When school started in September, the deans were immediately flooded with add/drop requests and college questions from seniors, necessitating an adjustment to the pace of the school year. Lashley said, “I’m certainly still adjusting. I think I’ll be adjusting all year.” Gardiner thinks that this adjustment has been a positive one, as she said “even one month in, I feel like they’re bringing so much to us that we didn’t have before.” Lashley and Nelor’s students agree. Senior Khari Freeman said, “it seems like it would be a bit hectic at first, getting a new dean senior year. But after working with and getting to know Ms. Lashley, it’s been much better than I thought it would be.”

Lashley said, “coming back into this role, for me, felt like an opportunity to reconcile some gaps I felt as a student,” in the guidance she received. “I feel like I understand how sensitive a process college application is, from personal experience, and I understand how competitive this environment can be, and so the opportunity to come back here feels super personal to me and like an alignment with vocation.” As a dean, Lashley hopes to bring integrity, humanity, positivity, and a focus on student voice to the college application process, and to all of her work. 

Her students have already felt her compassionate approach firsthand. Junior Lena Shamos said, “it’s been great to get a new perspective on my school experience and my future, and I’m looking forward to the year ahead.” Lashley’s new perspective also includes a different way of thinking about failure: she believes that it is “the most normal part of education.” She encourages her students to be comfortable with failure and admitting what they do not know, and leads by example, promising that “I will never pretend to know more than I do.” So, to her students wondering if they have a less experienced dean, she says, “yeah, you do. But you have a dean who’s committed to learning. A dean who’s never going to steer you [wrong] because she feels like she has to pretend.”

Looking ahead, Nelor said that he wants to make social-emotional learning a priority, and to pay special attention to the start of the Upper School experience. “I really want to focus on my ninth graders,” he said. “I feel like that’s such a pivotal part of transitioning to high school, so [with] my ninth graders now, we’re all learning Poly together as newbies.” He continued, “I know it’s hard to balance all four grades, but that’s one of my goals, to really make sure I have solid connections with my ninth graders, because it’s going to pay dividends.” After a conversation with a current senior, he realized that deans can seem inaccessible to ninth graders who do not yet feel comfortable with them, and set out to change that. So, to ninth graders wondering “am I only supposed to go [to my dean] when I’m in trouble?” Nelor wants them to know that “no, you can just come hang out and do a puzzle!” Nelor also hopes to get involved in the “fun” side of the Poly community-“it seems like y’all have a lot of fun already,” he observed. He plans on immersing himself in arts events, and “is looking to start a knitting circle” as well.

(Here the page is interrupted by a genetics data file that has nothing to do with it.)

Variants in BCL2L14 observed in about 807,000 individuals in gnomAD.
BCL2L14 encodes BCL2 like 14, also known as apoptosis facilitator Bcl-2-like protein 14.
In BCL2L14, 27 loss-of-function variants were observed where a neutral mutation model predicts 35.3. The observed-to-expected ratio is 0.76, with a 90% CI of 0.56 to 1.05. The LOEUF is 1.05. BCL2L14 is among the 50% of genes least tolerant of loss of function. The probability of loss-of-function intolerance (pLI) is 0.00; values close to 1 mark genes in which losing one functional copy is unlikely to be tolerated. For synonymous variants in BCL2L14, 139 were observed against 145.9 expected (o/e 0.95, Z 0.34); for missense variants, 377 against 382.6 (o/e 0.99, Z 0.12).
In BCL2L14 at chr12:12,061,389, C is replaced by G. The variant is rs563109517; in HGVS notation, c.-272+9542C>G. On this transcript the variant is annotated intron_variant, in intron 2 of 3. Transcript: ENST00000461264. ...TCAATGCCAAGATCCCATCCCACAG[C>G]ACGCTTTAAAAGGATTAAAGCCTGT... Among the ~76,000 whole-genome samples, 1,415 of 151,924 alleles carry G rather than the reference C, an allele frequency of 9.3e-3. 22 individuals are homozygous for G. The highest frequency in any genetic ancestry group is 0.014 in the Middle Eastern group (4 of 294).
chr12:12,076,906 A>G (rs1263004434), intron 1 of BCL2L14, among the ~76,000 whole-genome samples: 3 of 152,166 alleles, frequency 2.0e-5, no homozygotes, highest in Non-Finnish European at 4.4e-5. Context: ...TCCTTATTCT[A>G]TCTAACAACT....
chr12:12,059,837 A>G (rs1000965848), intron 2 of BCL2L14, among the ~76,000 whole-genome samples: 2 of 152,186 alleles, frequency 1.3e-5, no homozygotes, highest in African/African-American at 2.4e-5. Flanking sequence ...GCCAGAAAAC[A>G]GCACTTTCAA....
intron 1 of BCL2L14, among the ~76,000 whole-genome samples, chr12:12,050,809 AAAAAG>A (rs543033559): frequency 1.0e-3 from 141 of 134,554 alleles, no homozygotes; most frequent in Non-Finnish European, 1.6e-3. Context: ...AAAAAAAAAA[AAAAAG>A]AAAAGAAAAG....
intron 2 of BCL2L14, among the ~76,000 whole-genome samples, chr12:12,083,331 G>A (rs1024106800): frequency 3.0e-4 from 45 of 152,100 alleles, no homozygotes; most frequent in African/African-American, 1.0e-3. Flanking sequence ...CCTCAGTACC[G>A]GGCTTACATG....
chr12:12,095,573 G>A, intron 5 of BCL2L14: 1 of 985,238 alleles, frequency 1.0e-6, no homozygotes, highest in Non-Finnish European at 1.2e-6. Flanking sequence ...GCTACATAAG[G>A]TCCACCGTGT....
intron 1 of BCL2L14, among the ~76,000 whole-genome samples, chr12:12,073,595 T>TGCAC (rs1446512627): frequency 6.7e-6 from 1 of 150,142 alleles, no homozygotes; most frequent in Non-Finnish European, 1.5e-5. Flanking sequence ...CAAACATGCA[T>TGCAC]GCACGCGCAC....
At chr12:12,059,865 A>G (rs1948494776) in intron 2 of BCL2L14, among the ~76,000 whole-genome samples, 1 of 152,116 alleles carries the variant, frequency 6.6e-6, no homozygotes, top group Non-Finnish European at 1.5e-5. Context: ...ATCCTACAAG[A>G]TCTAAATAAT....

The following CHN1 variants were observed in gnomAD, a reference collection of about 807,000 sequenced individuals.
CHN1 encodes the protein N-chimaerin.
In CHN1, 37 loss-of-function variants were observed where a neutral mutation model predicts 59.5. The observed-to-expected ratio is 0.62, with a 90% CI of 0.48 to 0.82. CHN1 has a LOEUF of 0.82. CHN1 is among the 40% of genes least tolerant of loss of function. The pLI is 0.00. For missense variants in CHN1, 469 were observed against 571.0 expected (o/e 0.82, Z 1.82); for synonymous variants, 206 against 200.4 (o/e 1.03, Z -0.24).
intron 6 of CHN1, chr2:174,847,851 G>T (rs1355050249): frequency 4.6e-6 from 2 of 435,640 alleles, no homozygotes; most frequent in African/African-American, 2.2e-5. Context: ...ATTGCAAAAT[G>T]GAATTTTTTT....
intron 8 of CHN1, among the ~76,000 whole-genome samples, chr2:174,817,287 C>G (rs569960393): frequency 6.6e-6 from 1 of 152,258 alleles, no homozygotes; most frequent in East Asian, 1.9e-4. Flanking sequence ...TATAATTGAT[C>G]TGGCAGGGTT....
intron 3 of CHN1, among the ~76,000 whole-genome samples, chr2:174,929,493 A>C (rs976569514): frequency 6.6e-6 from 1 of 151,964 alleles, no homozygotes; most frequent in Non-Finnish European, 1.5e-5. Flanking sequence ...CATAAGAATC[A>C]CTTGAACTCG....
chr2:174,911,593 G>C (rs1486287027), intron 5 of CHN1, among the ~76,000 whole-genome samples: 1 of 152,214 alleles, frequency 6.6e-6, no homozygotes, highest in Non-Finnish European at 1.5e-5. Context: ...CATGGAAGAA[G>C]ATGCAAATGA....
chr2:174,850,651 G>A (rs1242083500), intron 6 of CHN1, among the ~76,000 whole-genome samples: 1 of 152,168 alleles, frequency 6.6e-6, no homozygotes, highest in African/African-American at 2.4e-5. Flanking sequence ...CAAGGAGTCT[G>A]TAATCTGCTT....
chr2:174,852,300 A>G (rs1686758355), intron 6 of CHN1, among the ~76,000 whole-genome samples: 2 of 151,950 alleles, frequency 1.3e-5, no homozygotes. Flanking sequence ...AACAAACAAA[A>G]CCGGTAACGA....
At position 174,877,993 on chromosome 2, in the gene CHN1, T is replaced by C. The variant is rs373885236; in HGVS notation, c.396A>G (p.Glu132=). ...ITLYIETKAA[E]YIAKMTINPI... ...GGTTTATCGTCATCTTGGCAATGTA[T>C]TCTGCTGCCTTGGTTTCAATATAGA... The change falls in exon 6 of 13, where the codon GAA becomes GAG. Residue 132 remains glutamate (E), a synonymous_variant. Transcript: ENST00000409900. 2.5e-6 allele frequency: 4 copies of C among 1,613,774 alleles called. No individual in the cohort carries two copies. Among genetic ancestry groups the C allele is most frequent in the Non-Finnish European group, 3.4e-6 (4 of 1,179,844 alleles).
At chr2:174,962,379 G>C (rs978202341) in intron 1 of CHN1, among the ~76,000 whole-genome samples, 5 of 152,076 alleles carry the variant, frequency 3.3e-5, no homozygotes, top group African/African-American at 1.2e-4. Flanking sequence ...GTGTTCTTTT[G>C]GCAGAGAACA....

As one of the steps in selecting Lashley and Nelor, Gardiner called their former colleagues as references to learn more about them. “What sticks in my mind” from those calls “is how much the emphasis was on how students just couldn’t get out of their offices,” she said. “I thought about the way Mr. Wong’s office was, I thought about the way Ms. Walker’s office is. I thought about how important it is for us to be welcoming, and create a feeling of belonging and happiness and support and ‘there for you.’ It was so clear what they would bring to the kids.” 

Already, the feeling of “there for you” in both Lashley and Nelor’s offices is palpable. Students are constantly coming in and out: seeking Lashley’s advice among the colorful posters on her walls, or sitting on Nelor’s couch and chatting with him while working on a puzzle. As Gardiner said, “students just want to be with them.” 

Leave a Comment
More to Discover
About the Contributor
William Ling-Regan, Opinions Editor
Throughout his time at the Polygon, William has served as the Photography Editor, the Features Editor, and, this year, as the Opinions Editor. He has enjoyed writing articles about everything from changes to Poly’s motto to the quails raised at the Lower School, but his favorite is the advice column he co-writes, the Devil’s Advocate. In addition to being a Polygon editor, William co-leads History Club, Student Service Board, Asia Society, the Crew Team, and Blue Key, and is a Vice President of Model UN and a peer tutor. Outside of school, William enjoys reading, hiking, and spending time with his friends and family.

Comments (0)

All The Polygon: The Student Newspaper of Poly Prep Country Day School Picks Reader Picks Sort: Newest

Your email address will not be published. Required fields are marked *